Thank you,
    Lesley De Groodt

    • Alyssa den Uyl says:

      Dear Lesley, in dutch spelling your last name would be spelled as de Groot.
      Greetings from The Netherlands

      • Thank you for clarifying the correct spelling of our name. I was so pleased that you responded. Our next question is the pronunciation. Is it De Groot like “boat” or like “oot” like in the word “loot” This has been a big deal to our family. I Will be on the edge of my seat.
        Thank you for your time,
        Lesley DeGroodt

        • Groot rhymes with Boat. But I would be very surprised if you can manage the guttural Gr-sound 🙂

          • I Wasn’t on the edge of my seat for long.My husband is so happy to know that we are teaching our children the correct way to say our name. You are so appreciated. I Wish I could shake your hand.
            Can’t thank you enough.
            Lesley De Groodt (De Groot)

          • Dan Stille says:

            I’ve had an interest in the pronunciation of American surnames for a while. It’s always seemed tricky to me to predict when the sound-spelling correspondence of the source language (Dutch in these threads) is retained–to some extent–rather than an English sound-spelling correspondence used. When I lived in Denver, a Councilmember, Mary De Groot, ran for mayor. People were surprised to hear De Groot pronounced with a ‘long o’ and I would have predicted otherwise with vowels spelled using digraphs, at least when the source language was Germanic (I’ll spare you the reasons). So I have a few questions: (1) Do some people in the U.S. pronounce their name, De Groot/Groot to rhyme with ‘boot’? (2)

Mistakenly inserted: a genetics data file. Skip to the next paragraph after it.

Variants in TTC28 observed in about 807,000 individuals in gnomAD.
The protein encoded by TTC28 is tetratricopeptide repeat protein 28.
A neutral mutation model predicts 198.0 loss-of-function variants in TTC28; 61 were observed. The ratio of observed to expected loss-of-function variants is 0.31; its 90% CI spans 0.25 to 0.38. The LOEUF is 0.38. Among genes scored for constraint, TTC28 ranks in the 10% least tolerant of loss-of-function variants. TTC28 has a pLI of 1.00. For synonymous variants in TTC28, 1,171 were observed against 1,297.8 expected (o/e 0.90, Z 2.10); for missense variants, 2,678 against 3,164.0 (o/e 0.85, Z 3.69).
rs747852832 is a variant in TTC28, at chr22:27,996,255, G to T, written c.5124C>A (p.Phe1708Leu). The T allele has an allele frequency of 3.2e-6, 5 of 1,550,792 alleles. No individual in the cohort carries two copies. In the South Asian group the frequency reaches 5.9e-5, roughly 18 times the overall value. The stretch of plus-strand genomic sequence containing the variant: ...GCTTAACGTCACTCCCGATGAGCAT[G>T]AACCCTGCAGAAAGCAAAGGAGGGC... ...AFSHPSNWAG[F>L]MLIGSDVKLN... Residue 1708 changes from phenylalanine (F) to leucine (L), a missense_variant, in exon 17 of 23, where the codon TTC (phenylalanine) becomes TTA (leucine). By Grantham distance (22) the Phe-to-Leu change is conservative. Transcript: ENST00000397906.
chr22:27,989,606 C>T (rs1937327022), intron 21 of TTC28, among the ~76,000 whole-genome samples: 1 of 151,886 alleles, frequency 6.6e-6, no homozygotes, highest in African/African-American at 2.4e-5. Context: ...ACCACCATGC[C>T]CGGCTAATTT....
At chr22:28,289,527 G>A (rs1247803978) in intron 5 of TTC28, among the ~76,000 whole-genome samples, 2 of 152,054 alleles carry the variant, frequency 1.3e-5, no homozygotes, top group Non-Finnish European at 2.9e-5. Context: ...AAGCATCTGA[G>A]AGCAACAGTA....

Is Dutch ‘oo’ mostly pronounced as a ‘long o’ in American surnames (there is debate at my work how to pronounce the name of the American athlete Jesse Van Doozer)? (3) How much does popularity of a name (De Groot is a fairly common Dutch surname) condition the retention of Dutch sound-spelling correspondence? (4) Similarly, in areas less settled by the Dutch did greater Anglicization of pronunciation take place (e.g. the pronunciation of Stuyvesant in New York with a ‘long i’ doesn’t surprise me, but, hypothetically, a street in Denver so pronounced would.
            I realize these are onomastic questions that don’t directly address genealogy, but I have found these threads very informative and I think people are interested in how Dutch names relate to their Americanized/Anglicized pronunciations. Even brief, informal answers would really help me.